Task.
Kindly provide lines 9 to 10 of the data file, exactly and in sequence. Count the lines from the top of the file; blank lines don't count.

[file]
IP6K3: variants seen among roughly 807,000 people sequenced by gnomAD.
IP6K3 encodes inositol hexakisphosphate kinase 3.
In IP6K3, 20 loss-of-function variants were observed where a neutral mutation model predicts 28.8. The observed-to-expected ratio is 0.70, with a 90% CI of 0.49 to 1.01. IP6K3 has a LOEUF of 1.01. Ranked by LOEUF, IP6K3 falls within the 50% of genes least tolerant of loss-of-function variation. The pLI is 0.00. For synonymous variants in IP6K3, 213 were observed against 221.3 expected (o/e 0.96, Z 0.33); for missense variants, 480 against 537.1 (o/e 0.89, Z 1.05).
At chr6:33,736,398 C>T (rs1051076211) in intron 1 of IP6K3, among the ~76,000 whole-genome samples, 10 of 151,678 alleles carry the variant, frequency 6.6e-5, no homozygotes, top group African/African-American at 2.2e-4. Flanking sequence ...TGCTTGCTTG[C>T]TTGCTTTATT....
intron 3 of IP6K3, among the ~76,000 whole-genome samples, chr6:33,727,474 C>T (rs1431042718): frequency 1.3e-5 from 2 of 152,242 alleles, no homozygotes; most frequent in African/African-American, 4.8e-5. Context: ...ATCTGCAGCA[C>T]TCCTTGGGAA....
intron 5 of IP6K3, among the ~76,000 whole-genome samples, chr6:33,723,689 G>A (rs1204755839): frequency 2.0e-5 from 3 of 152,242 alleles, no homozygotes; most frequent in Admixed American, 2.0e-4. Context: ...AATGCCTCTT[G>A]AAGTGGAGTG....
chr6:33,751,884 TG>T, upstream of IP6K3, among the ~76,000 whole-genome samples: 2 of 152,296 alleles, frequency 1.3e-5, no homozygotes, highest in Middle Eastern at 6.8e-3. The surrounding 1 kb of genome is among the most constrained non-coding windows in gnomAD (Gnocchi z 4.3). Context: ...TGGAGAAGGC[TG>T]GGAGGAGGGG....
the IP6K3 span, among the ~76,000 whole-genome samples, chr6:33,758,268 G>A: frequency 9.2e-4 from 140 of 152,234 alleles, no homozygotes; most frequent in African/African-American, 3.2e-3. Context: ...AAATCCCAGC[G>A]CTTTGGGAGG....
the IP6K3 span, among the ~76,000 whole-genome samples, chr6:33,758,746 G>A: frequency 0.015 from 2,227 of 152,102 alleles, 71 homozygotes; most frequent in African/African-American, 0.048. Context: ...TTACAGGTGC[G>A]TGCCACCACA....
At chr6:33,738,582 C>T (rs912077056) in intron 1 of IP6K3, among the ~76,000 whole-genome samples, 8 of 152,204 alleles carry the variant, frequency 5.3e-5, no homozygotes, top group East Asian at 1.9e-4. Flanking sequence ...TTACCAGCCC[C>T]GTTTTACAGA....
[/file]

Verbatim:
the IP6K3 span, among the ~76,000 whole-genome samples, chr6:33,758,746 G>A: frequency 0.015 from 2,227 of 152,102 alleles, 71 homozygotes; most frequent in African/African-American, 0.048. Context: ...TTACAGGTGC[G>A]TGCCACCACA....
At chr6:33,738,582 C>T (rs912077056) in intron 1 of IP6K3, among the ~76,000 whole-genome samples, 8 of 152,204 alleles carry the variant, frequency 5.3e-5, no homozygotes, top group East Asian at 1.9e-4. Flanking sequence ...TTACCAGCCC[C>T]GTTTTACAGA....